Because it is so hard to follow a family, I wondered how hard it would be to follow a whole community. I went to Hugh Wallis' 'Batch Number' pages and to Devon, and took one of the first parishes listed : Ashwater Baptist Congregation. It was small and covered only 9 years but it gave me nine families to research. Armed with these 15 entries from 1828 through 1837 I went to the Disc version of the 1851 Devon census. Here I found five of the people mentioned - most still at home with their families.

Next I went to the BVRI #1 and found no one - Devon and Cornwall are not well represented on that set of discs.

Then I visited the FreeCEN site - 1841 and 1851 census are not done. The 1861 census gave me only a brother and father to one of the people on my list.

My last stop was to FreeBMD site. Here I found the marriage and death of only one of my people.

So far, my search was coming up nearly empty handed, and you can see that searching 15 people should not be that difficult, but it is, even with all the transcriptions available. I know it's costly to do your family history, but unfortunately if you want the real facts you have to dig deep into your pockets and resources. I suggest that you set up a genealogy fund. All the change in your pockets at night ought to go into a jar, and at the end of the month whatever you have you spend on one or two certificates. In between times do your best to pinpoint the person you are looking for - no sense buying a dozen useless certificates. Never order a certificate unless you are absolutely certain you have found your person - the certificate will do a few things for you:

a) confirm your suspicions

b) take you back one more generation, hopefully - both birth and marriage certs will likely have parents' names.

c) in the case of death certs, the person reporting the death may be a relative of whom you previously had no knowledge.

The bottom line is this - rely on primary sources for your information - in other words original documentation. Use all others as a guideline only, to build a framework to which you will attach the proof - the original documentation.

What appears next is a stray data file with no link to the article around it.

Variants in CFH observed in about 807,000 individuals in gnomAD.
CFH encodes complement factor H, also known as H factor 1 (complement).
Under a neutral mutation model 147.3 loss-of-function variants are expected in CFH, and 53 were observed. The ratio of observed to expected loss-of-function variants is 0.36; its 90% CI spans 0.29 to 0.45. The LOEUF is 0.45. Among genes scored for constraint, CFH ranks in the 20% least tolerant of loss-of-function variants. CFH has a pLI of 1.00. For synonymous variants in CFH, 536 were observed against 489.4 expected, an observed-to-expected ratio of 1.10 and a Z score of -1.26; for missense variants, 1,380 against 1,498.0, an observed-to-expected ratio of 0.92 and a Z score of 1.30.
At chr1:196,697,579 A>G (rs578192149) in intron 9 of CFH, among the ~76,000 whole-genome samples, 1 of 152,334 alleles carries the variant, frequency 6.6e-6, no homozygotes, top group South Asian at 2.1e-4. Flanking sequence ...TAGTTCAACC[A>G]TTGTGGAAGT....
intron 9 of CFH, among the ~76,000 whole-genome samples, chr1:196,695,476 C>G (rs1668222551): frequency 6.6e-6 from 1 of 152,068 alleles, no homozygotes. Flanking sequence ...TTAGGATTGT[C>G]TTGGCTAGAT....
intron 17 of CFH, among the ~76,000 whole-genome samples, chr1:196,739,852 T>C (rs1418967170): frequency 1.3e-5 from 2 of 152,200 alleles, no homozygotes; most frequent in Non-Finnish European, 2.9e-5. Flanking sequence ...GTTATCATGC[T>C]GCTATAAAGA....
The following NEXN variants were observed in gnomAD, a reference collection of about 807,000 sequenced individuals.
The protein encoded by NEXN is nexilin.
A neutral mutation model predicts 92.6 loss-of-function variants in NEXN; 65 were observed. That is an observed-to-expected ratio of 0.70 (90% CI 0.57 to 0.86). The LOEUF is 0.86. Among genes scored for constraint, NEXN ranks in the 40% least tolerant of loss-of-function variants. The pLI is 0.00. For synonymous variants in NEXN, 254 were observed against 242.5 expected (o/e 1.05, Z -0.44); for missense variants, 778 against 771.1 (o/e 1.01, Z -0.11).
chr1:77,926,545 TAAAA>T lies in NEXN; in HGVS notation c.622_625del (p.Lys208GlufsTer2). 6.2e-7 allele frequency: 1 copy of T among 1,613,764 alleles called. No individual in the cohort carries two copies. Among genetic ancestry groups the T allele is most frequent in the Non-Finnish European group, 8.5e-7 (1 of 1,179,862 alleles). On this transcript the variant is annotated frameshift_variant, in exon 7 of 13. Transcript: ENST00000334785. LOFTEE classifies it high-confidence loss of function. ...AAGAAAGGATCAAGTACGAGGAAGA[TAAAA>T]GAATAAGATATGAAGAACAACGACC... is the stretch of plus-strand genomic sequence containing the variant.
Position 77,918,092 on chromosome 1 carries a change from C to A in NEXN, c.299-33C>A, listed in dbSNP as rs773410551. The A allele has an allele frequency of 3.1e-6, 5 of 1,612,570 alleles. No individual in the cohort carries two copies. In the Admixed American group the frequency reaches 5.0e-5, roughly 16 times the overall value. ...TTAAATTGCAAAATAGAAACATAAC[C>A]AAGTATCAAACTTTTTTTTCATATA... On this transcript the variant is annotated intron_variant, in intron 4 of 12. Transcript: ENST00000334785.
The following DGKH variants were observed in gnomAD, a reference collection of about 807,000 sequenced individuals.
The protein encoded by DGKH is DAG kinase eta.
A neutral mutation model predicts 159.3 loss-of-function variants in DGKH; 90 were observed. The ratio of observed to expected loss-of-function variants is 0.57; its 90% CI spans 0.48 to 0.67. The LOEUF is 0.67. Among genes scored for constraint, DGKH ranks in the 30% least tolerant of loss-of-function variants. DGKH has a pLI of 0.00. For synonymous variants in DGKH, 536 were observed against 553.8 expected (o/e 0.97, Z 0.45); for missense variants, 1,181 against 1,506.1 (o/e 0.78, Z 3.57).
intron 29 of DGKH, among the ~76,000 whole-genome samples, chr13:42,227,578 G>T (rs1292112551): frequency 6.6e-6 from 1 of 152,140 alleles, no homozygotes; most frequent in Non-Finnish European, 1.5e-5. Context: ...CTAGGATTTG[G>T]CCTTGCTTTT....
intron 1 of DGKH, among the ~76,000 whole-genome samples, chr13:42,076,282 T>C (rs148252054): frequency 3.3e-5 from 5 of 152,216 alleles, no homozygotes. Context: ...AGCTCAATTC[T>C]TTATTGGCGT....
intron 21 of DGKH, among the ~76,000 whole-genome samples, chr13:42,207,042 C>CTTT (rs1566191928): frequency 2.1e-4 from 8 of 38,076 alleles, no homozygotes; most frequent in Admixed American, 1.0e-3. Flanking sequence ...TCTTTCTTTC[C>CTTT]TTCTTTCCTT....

Now on to other things Devonian...

My Own Devon Family:

My family came from the agricultural area of Welcombe, on and off at various times part of the large and sparsely populated Hartland Parish. They lived in and around Welcombe for hundreds of years, the earliest of whom (that I have been able to find) were sheep farmers. They were also Yeomen, in other words, they owned their own land. How this came about I do not know, for it was not a common thing, even 400 years ago, to own your own land. The family must have been important at one time.

Land holdings were small at that time, at least we here in Canada see those holdings as small compared to the size of the average farm here - 200 acres usually here in Ontario - larger in the Western provinces! Those small 10 acre parcels were important to the families who owned them, small though they were by our standards. Our family, besides their own land, rented from neighbours, some of them widows who could not work the land, but needed the income the letting of the land provided.

As the sons came of age the land had to be divided between them and it got smaller and smaller until other families owned it all. The sons who moved away to make a life of their own became agricultural labourers, and that is what they did for a living when my branch of the family moved to Cornwall sometime shortly after 1805 when my 3X Great Grandfather was born.

But Cornwall, and the parish of Morwenstow where they went, is not far from the ancestral home - down one side of the coombe and up the other! If you know exactly where to stand in Welcombe, Devon you can see the tower of the parish church in Morwenstow, Cornwall.

By 1861 the state of agriculture was such that there was little work for anyone, and so, like most others in the parish my ancestors picked up and moved to Canada. It was a gruelling trip across the North Atlantic, one I don't think I'd make easily. And even though I will never meet them, I certainly admire my 3X and 2X great grandmothers for their courage in making that voyage with small children in tow! We ARE made of good stuff, aren't we!